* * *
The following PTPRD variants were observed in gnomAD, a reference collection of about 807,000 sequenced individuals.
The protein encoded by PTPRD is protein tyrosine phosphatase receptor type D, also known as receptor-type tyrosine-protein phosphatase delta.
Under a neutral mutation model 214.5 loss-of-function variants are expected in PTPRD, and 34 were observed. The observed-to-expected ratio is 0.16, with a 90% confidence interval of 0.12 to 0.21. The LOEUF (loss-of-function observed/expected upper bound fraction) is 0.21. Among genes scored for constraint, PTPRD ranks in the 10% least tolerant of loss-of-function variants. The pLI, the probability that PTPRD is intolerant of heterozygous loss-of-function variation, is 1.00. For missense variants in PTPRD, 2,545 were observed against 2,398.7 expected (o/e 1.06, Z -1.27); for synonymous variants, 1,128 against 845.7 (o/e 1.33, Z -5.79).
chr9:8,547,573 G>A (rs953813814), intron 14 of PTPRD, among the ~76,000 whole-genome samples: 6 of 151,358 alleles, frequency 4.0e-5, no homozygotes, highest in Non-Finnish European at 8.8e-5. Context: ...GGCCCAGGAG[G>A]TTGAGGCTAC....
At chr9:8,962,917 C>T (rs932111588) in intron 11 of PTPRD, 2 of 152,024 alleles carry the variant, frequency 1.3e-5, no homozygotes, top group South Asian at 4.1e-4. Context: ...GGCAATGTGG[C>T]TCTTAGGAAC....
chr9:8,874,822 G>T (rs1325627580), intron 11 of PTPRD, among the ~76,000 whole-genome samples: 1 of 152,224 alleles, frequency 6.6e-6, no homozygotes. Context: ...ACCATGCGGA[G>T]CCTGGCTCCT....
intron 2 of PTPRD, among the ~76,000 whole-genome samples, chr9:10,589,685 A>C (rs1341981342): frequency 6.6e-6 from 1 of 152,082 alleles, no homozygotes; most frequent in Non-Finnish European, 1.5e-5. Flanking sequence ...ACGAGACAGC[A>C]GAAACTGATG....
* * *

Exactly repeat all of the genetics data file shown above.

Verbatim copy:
The following PTPRD variants were observed in gnomAD, a reference collection of about 807,000 sequenced individuals.
The protein encoded by PTPRD is protein tyrosine phosphatase receptor type D, also known as receptor-type tyrosine-protein phosphatase delta.
Under a neutral mutation model 214.5 loss-of-function variants are expected in PTPRD, and 34 were observed. The observed-to-expected ratio is 0.16, with a 90% confidence interval of 0.12 to 0.21. The LOEUF (loss-of-function observed/expected upper bound fraction) is 0.21. Among genes scored for constraint, PTPRD ranks in the 10% least tolerant of loss-of-function variants. The pLI, the probability that PTPRD is intolerant of heterozygous loss-of-function variation, is 1.00. For missense variants in PTPRD, 2,545 were observed against 2,398.7 expected (o/e 1.06, Z -1.27); for synonymous variants, 1,128 against 845.7 (o/e 1.33, Z -5.79).
chr9:8,547,573 G>A (rs953813814), intron 14 of PTPRD, among the ~76,000 whole-genome samples: 6 of 151,358 alleles, frequency 4.0e-5, no homozygotes, highest in Non-Finnish European at 8.8e-5. Context: ...GGCCCAGGAG[G>A]TTGAGGCTAC....
At chr9:8,962,917 C>T (rs932111588) in intron 11 of PTPRD, 2 of 152,024 alleles carry the variant, frequency 1.3e-5, no homozygotes, top group South Asian at 4.1e-4. Context: ...GGCAATGTGG[C>T]TCTTAGGAAC....
chr9:8,874,822 G>T (rs1325627580), intron 11 of PTPRD, among the ~76,000 whole-genome samples: 1 of 152,224 alleles, frequency 6.6e-6, no homozygotes. Context: ...ACCATGCGGA[G>T]CCTGGCTCCT....
intron 2 of PTPRD, among the ~76,000 whole-genome samples, chr9:10,589,685 A>C (rs1341981342): frequency 6.6e-6 from 1 of 152,082 alleles, no homozygotes; most frequent in Non-Finnish European, 1.5e-5. Flanking sequence ...ACGAGACAGC[A>C]GAAACTGATG....